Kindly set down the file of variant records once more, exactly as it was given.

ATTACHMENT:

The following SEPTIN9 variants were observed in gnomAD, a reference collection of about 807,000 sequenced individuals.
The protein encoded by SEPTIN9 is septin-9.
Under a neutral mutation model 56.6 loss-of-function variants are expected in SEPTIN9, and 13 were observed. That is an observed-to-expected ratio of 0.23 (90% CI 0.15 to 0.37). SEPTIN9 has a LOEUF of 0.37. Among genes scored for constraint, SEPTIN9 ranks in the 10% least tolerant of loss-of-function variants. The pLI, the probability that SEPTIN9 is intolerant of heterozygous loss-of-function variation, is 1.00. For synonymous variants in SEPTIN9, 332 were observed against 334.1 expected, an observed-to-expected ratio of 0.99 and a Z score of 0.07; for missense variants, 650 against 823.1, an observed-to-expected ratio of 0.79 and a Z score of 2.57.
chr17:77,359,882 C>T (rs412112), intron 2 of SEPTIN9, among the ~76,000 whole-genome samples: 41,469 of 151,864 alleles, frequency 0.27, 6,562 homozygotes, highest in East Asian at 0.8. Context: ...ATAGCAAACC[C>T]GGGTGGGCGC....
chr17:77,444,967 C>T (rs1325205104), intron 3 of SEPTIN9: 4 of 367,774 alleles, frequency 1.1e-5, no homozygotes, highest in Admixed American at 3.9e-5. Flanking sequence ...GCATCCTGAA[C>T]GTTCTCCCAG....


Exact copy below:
The following SEPTIN9 variants were observed in gnomAD, a reference collection of about 807,000 sequenced individuals.
The protein encoded by SEPTIN9 is septin-9.
Under a neutral mutation model 56.6 loss-of-function variants are expected in SEPTIN9, and 13 were observed. That is an observed-to-expected ratio of 0.23 (90% CI 0.15 to 0.37). SEPTIN9 has a LOEUF of 0.37. Among genes scored for constraint, SEPTIN9 ranks in the 10% least tolerant of loss-of-function variants. The pLI, the probability that SEPTIN9 is intolerant of heterozygous loss-of-function variation, is 1.00. For synonymous variants in SEPTIN9, 332 were observed against 334.1 expected, an observed-to-expected ratio of 0.99 and a Z score of 0.07; for missense variants, 650 against 823.1, an observed-to-expected ratio of 0.79 and a Z score of 2.57.
chr17:77,359,882 C>T (rs412112), intron 2 of SEPTIN9, among the ~76,000 whole-genome samples: 41,469 of 151,864 alleles, frequency 0.27, 6,562 homozygotes, highest in East Asian at 0.8. Context: ...ATAGCAAACC[C>T]GGGTGGGCGC....
chr17:77,444,967 C>T (rs1325205104), intron 3 of SEPTIN9: 4 of 367,774 alleles, frequency 1.1e-5, no homozygotes, highest in Admixed American at 3.9e-5. Flanking sequence ...GCATCCTGAA[C>T]GTTCTCCCAG....